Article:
Great Beer Pubs Make a Difference
The important influence of prominent beer pubs in the region should not be discounted. Bars like Bulldog Pub in New Orleans, Barley’s Pizza in Asheville, and Georgia’s Brick Store in Decatur and Summits Wayside Taverns in Snellville and Cumming serve a staggering array of well-cared-for draft and bottled beers from around the world. Summits’ owner Andy Klubock says, “Our store in Cumming has over 200 different tap lines and as many bottled beers…more than any other place in the country, in our opinion. I think Summits does a good job of introducing new styles to Georgia and allowing customers to continually try new things.”
Many look at Brick Store as one of the most impressive beer bars in the entire country. Dave Blanchard, Mike Gallagher and Tom Moore started the pub in 1997 in a beautiful, historic building on the main courthouse square. The best craft beers available at the time from the region, nation and world were served in proper glassware by friendly, well-trained staff. In 2004, House Bill 645 brought an end to Georgia’s 6% ABV law and allowed beers up to 14% to be sold in the state. This spurred Brick Store to open an impressive, Belgian-themed bar upstairs from the original pub. Blanchard explains, “Our relationship with importers and breweries allows us to offer beers that customers will find almost nowhere else in the state. What’s really encouraging is that people visit the Brick Store from areas of the Northwest or Northeast and say that our pub is better than many of the places in those areas.”
Brick Store’s Mike Gallagher adds, “We get to be creative here in the Southeast. If our pub were located in Portland, Philadelphia or New York, people would be looking to see how we fit in with the established beer culture or what we are doing that’s different. Here, we are helping create the beer culture and set new trends. After we opened and made a success of the place, people admitted to us that they had some big doubts about whether or not we could make the pub work here. They were polite southerners all along the way, but many admitted that they were amazed that we have done so well in a region of the country that has been dominated for so long by light lagers.”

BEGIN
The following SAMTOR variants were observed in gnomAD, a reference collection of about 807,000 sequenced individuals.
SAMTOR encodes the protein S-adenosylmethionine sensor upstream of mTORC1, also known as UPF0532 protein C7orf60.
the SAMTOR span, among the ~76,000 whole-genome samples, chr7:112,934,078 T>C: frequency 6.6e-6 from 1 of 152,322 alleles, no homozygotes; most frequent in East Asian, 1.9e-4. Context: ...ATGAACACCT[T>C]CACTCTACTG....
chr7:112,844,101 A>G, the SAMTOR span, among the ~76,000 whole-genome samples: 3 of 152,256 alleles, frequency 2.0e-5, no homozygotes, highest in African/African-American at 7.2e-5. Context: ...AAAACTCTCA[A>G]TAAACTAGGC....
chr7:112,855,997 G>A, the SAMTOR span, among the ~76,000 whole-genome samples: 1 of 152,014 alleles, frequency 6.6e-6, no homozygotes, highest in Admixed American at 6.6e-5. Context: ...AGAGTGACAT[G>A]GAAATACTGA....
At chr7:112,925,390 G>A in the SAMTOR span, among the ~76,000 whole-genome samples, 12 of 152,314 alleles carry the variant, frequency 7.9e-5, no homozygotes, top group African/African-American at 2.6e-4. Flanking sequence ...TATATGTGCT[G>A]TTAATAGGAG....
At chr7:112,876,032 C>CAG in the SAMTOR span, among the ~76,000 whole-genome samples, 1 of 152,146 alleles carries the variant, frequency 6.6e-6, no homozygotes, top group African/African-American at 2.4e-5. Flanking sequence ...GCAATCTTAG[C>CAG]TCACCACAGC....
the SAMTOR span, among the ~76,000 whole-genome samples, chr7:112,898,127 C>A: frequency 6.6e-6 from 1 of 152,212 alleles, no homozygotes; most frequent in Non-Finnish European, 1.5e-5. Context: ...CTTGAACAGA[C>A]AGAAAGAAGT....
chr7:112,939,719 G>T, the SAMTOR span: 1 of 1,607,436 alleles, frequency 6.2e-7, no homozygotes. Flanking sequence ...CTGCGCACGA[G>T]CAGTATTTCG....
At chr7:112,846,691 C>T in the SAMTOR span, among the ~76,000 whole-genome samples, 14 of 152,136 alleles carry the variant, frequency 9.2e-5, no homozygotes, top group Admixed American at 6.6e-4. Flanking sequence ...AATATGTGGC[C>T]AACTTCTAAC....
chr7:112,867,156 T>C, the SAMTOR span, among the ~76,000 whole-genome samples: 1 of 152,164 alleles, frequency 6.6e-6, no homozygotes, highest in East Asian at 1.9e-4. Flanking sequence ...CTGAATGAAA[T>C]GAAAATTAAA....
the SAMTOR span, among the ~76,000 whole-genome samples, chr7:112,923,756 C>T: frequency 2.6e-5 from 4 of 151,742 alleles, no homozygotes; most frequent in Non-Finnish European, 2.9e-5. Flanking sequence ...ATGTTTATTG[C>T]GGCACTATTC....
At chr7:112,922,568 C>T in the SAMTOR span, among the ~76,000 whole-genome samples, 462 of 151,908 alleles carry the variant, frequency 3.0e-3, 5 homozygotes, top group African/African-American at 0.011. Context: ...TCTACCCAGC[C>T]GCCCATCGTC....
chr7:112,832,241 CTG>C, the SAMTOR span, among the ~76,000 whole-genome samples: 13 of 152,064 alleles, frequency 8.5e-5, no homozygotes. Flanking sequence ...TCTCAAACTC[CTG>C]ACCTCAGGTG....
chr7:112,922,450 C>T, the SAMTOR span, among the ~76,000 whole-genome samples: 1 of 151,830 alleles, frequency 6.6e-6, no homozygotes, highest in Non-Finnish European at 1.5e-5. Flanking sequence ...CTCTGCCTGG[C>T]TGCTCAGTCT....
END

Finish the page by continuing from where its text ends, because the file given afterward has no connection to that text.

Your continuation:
A few obstacles still remain in the journey toward beer enlightenment in the South. Michael Bryant of Dunedin (a pioneering brewery in Tampa) and Kevin Rusk of Titanic Brewery & Restaurant in Miami remain very frustrated by the legal landscape in Florida. Rusk sums up their opinions: “Florida legislators, along with their friends who own Busch Gardens, have purposely manipulated the state’s laws to keep out many craft brewers. Up until 2005, the state also banned any bottle that was not a domestic size, allowing only 8-, 12-, 16- and 32-ounce bottles. This prohibited many fine beers from being sold in the state.”
After a few legal victories favoring craft beer in the past several years, the Georgia Department of Revenue alcohol division has decided to enforce brewery laws that have been basically ignored for years. Breweries are now being fined for bringing beer samples to festivals, telling retail customers where to purchase their beers or doing pint nights at bars. It is still illegal to purchase beer directly from a microbrewery or take home a growler of beer from a brewpub.
Danner Kline’s Free the Hops campaign keeps fighting to raise the beer alcohol limits in Alabama. Kline communicates both frustration and hope when he says, “Influence from the religious right is crippling. Alabama is still overrun with neo-prohibitionists stigmatizing alcohol at every opportunity, portraying alcohol as the ‘Great Satan’ killing children and breaking up families. All of this is detrimental to a culture that appreciates fine alcoholic beverages. I am envious of cities that have a wide variety of breweries when the entire state of Alabama only has one bottling brewery, recently destroyed by fire. The South still has a long way to go, but I think many years from now we’ll have a well-developed beer culture that will not be a carbon copy of the Northwest or Northeast.”
On the whole, beer culture in the South has made remarkable gains in the last 15 years. Rather than viewing the South as lagging behind, many craft brewers now see the region as a land of promise and possibilities. Several breweries in other parts of the country have capitalized on this demand: Ommegang, Oskar Blues, Great Divide, Dogfish Head and Victory are all amazed at the massive volume of beer that they have sold in Georgia alone.
As beer drinkers in the Southeast become more educated and experimental in regard to robust beer styles, the region will offer new horizons and an ever-expanding market for these beers.
Spike Buckowski, brewer for Terrapin in Georgia, sums it up by saying,” I feel that the beer culture in the Southeast is evolving into something very special. It’s really nice to have a wide open market down here and introduce people to creative and flavorful beer styles. To tell the truth, many southeastern craft brewers are producing beers that are still over the heads of many beer drinkers here. In a lot of ways, I kind of like that.”